Being familiar with local roads, Beranbaum has no doubt that farmers’ markets will have the grapes you need.

As for buying Concord grapes at either a farm stand or a supermarket, the rule of thumb is, when you see them, claim them. Don’t shilly-shally, because the season for this most coveted of grapes is fleeting.

The Hannaford Supermarket in Clifton Park, for example, typically doesn’t get this type of grape in until sometimes the second week of September. “After the first frost, when the grapes have a sweeter flavor,” says Ray Adamec, the store’s assistant manager.

“I’ve seen people go out of here with boxes of them,” Adamec says. “Some people buy them by the crate because they like to mix Concord grapes in with regular grapes when they’re making jams or jellies. Concords just have a richness to them — a little more flavor.”

He says his store’s supplies are usually gone by late October.

Buy grapes that look relatively firm and have fresh-looking stems.

Once you get that lovely pie baked, take a tip from Beranbaum and serve it with either vanilla or peanut butter ice cream.

“And if you don’t feel like baking a pie crust at all,” she adds, “just make the filling,” decreasing the amount of cornstarch used to thicken it to 11⁄2 tablespoons. “Serve it in goblets” for an elegant look.

For a speeded-up version of grape pie, check out the one-crust, streusel-topped early autumn grape pie below.

What if you’re not into making crust and haven’t even got the patience to cook grapes? Don’t worry. The following recipe for orange-glazed grape tarts is for you. These ultra-easy mini pies offer plenty of eye appeal and don’t require more than about 21⁄4 cups of grapes to make.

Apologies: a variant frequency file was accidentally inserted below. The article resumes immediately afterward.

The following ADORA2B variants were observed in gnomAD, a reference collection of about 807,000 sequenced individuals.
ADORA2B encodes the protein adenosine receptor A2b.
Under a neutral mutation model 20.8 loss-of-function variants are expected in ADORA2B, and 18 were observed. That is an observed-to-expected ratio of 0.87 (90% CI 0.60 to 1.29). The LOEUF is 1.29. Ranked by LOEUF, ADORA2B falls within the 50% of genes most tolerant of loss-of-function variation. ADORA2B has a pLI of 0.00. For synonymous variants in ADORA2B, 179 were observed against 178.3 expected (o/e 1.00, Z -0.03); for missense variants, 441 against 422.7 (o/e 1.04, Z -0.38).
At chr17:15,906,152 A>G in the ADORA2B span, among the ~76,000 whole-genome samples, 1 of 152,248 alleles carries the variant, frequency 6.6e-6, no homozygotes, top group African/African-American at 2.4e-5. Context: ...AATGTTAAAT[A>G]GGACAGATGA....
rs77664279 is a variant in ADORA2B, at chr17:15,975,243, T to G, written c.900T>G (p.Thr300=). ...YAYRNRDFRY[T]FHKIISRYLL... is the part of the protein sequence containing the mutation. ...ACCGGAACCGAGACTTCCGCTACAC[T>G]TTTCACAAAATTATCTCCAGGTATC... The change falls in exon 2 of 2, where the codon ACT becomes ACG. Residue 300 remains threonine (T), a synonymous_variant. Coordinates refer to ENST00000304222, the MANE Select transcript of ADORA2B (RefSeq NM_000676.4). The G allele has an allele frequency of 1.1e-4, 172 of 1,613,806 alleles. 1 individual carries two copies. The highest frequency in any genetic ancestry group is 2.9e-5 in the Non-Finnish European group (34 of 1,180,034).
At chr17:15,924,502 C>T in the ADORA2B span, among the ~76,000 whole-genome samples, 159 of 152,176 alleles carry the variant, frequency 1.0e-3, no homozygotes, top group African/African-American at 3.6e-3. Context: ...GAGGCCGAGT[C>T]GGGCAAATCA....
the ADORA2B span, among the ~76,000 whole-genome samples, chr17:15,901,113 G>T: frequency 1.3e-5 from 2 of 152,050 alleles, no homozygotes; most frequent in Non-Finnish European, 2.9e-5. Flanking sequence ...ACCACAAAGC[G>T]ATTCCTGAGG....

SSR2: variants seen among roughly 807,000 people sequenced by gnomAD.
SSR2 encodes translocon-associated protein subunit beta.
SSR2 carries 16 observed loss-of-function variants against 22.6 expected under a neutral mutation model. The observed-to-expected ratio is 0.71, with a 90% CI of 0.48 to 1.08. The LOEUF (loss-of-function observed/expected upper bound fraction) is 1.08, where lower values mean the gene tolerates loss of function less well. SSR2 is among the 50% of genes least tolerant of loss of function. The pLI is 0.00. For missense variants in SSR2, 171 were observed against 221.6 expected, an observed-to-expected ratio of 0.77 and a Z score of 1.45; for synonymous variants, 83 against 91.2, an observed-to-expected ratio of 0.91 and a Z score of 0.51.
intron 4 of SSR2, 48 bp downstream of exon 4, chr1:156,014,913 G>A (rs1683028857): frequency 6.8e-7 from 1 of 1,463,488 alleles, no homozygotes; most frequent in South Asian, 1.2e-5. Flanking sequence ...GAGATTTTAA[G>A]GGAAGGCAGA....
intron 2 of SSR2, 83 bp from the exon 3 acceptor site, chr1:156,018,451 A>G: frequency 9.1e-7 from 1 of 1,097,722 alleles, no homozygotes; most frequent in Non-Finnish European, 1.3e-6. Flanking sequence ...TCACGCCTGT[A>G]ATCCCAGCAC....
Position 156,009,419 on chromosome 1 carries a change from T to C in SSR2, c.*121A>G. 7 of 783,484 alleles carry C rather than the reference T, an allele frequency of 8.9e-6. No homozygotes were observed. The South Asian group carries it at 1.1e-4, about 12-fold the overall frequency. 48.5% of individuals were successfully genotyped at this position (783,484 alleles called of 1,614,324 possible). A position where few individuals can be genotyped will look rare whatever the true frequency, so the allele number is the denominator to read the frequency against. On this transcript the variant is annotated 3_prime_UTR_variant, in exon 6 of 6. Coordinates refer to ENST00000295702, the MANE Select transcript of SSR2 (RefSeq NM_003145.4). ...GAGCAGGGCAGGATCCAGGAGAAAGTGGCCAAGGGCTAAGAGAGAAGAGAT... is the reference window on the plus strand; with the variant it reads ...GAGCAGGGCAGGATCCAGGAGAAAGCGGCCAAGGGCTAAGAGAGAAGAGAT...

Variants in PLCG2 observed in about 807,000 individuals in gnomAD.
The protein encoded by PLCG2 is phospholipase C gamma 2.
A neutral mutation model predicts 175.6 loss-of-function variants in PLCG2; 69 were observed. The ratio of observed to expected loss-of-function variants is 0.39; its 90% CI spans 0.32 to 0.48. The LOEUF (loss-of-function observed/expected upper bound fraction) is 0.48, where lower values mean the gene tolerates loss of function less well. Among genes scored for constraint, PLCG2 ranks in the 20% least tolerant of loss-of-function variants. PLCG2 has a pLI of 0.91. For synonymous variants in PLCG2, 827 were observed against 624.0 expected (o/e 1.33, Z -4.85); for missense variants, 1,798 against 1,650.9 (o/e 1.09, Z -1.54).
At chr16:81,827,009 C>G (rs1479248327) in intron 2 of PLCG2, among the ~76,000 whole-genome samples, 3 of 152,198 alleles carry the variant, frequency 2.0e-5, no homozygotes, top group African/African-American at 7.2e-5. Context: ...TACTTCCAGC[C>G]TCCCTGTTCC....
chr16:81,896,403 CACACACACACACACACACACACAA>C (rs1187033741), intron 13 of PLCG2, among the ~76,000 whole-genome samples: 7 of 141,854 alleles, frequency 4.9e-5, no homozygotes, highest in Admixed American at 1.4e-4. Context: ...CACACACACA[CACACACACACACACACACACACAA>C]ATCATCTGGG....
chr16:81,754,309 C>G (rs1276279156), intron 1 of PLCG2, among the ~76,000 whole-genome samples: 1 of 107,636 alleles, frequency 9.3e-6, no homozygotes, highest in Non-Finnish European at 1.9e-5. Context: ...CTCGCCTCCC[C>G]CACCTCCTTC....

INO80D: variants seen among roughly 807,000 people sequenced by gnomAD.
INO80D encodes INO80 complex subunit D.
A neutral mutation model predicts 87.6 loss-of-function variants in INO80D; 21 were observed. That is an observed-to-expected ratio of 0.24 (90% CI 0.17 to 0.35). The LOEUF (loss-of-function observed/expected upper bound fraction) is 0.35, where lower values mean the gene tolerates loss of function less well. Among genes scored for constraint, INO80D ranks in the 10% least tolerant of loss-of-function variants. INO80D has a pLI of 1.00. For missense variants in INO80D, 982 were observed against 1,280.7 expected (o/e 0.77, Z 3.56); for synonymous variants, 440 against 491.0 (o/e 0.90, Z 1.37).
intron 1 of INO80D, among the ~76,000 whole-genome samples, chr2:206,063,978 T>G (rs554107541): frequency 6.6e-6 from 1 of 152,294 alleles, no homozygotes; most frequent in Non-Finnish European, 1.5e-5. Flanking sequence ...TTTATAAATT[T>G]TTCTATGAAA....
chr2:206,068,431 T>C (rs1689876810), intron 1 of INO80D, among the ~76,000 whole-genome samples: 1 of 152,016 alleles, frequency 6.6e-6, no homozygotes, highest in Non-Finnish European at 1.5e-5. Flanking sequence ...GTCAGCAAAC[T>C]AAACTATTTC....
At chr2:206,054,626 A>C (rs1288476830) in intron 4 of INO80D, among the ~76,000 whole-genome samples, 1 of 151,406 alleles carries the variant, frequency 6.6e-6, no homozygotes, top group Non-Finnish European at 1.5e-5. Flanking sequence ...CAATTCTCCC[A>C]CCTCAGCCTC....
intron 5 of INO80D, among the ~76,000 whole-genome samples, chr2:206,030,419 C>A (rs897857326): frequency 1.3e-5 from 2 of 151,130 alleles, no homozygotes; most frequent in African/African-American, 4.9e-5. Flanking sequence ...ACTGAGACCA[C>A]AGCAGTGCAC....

Rose’s Concord Grape Pie

From “The Pie and Pastry Bible” (Scribner). All the painstaking details of how Beranbaum makes her favorite Basic Flaky Pie Crust are, of course, included in her book and also can be found on her blog, www.realbakingwithrose.com. Though too long to give here, they are worth the extra effort. Beranbaum believes in using the weight of ingredients as well as the household measurement to encourage precision in the kitchen.


Dough for a 2-crust, 9-inch pie, chilled

1 3⁄4 pounds Concord grapes (to allow for bad grapes and stems), to yield 4 cups or 1-1⁄2 pounds grapes

3⁄4 cup plus 2 tablespoons sugar (6 ounces)

2 1⁄2 tablespoons cornstarch (0.75 ounce)

1 1⁄2 tablespoons freshly squeezed lemon juice (0.75 ounce)

1 tablespoon unsalted butter, softened (0.5 ounce)